Now you’re getting into the meat of the sales process. How do you identify leads and accounts? What’s the prospecting playbook? How do you conduct a good discovery? How do you conduct a demo? Space out the sales knowledge throughout the onboarding period (beyond the first two weeks). Do reps need to understand proposals, contracts, and negotiation tactics on their first week when, realistically, they're not going to need it until a few months in?
Add a lot of practice in your onboarding. I think reps should be on the phone within their first week. It will have them taking onboarding more seriously and that your boot camp is not a 2-week party. Have them practice their elevator pitch, their attention grabbers and value statements. What’s more, build in these practices as sales onboarding metrics. Have them practice mock discovery calls, whiteboarding sessions, and demos. Have them go through certification. The more they practice, the more comfortable they’ll get with delivering your message.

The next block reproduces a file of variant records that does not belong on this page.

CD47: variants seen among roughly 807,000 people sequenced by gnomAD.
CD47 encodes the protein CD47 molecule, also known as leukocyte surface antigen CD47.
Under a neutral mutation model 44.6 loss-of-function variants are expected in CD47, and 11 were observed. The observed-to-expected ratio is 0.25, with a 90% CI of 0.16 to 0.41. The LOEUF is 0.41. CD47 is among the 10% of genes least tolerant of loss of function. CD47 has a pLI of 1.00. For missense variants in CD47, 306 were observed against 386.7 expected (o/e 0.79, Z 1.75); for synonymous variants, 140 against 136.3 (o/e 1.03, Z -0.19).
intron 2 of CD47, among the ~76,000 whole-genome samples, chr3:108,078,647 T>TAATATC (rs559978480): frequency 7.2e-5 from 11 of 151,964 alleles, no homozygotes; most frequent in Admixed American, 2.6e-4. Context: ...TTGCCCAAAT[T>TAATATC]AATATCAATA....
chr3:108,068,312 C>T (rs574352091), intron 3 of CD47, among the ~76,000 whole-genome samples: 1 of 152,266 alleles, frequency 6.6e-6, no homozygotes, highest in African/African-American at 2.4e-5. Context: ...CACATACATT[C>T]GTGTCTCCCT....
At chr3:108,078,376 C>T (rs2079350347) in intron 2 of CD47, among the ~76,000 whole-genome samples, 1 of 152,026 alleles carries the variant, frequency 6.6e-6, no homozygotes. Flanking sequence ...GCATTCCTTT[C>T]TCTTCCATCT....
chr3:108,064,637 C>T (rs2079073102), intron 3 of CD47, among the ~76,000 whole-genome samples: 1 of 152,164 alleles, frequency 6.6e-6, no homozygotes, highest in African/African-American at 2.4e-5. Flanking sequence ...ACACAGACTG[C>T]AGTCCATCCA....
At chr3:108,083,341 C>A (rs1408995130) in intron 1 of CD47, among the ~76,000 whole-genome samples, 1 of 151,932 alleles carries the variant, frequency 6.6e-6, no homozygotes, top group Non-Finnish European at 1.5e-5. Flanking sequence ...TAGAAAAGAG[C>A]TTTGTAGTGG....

Continuously refine your onboarding process as cohorts go through it to achieve better and better onboarding metrics. Find ways to speed up your onboarding metrics. Is there a correlation between how early reps get on the phone and closing their first deal? Is there a correlation between time to certification and time to third deal? You need to analyze these onboarding metrics and understand which exercises and activities during onboarding are driving key results.
It’s important to think of onboarding as having a significant impact on retention. Just like onboarding clients to your software/product, those critical first months might determine how long a rep will be productive for your company, ultimately driving LTV for you. And to track those objectives, it’s critical that you track the right onboarding metrics and hit your number.
David Bloom is the CEO & Founder of LevelJump, a sales onboarding and enablement solution built on the Salesforce platform. Prior to founding LevelJump David built and sold a corporate training company and held a variety of sales and marketing leadership roles at Fortune 500 life sciences and technology companies including Salesforce.com, GSK and Pfizer.